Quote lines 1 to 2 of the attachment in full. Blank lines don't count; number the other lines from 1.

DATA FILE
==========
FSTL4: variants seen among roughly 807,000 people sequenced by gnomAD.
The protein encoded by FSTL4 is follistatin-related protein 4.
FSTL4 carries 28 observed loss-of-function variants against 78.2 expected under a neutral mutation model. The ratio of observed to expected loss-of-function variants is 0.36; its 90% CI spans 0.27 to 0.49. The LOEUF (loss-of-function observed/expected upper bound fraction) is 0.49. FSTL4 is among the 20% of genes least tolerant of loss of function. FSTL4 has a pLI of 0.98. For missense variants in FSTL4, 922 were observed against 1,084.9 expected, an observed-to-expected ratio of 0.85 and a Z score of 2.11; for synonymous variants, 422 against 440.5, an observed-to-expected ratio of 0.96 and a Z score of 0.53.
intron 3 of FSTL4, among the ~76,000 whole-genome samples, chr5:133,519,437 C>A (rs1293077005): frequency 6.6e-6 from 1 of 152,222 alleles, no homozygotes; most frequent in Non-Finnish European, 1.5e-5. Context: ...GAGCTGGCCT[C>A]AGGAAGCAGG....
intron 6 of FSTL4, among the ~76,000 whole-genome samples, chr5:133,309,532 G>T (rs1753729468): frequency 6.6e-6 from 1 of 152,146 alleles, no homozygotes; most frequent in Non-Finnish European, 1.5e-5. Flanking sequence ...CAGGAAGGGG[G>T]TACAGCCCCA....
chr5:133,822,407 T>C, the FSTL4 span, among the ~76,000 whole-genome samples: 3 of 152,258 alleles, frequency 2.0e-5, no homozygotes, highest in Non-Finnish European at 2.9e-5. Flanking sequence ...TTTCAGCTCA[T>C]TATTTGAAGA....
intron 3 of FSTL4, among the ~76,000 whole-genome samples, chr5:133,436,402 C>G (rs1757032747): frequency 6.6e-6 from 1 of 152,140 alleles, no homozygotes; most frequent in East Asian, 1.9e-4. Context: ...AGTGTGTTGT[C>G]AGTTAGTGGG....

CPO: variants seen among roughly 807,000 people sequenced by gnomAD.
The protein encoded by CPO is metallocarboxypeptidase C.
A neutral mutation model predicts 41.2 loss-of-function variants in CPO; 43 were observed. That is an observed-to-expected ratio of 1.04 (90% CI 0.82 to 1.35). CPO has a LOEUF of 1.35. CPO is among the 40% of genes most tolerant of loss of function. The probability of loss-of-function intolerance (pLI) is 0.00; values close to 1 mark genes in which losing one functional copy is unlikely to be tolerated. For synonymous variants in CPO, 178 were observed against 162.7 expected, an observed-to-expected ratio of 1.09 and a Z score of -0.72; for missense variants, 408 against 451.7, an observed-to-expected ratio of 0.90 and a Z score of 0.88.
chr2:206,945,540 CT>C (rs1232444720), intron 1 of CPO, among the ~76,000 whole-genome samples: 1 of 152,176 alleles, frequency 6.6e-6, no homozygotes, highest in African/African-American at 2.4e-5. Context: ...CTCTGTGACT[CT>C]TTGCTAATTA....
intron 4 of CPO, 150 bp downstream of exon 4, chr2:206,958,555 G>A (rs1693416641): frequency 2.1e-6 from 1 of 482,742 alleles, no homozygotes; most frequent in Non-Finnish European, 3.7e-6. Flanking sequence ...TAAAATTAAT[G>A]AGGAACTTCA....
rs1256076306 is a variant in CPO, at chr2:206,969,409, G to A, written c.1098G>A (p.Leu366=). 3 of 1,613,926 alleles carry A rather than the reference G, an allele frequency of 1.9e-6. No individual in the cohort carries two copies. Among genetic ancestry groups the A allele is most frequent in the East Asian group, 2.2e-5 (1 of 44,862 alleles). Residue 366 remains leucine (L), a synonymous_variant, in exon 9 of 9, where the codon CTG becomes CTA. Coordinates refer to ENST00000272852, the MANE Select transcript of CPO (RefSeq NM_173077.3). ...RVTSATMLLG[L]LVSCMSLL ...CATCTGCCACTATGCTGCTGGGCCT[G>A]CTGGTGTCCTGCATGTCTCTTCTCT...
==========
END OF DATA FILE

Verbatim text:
FSTL4: variants seen among roughly 807,000 people sequenced by gnomAD.
The protein encoded by FSTL4 is follistatin-related protein 4.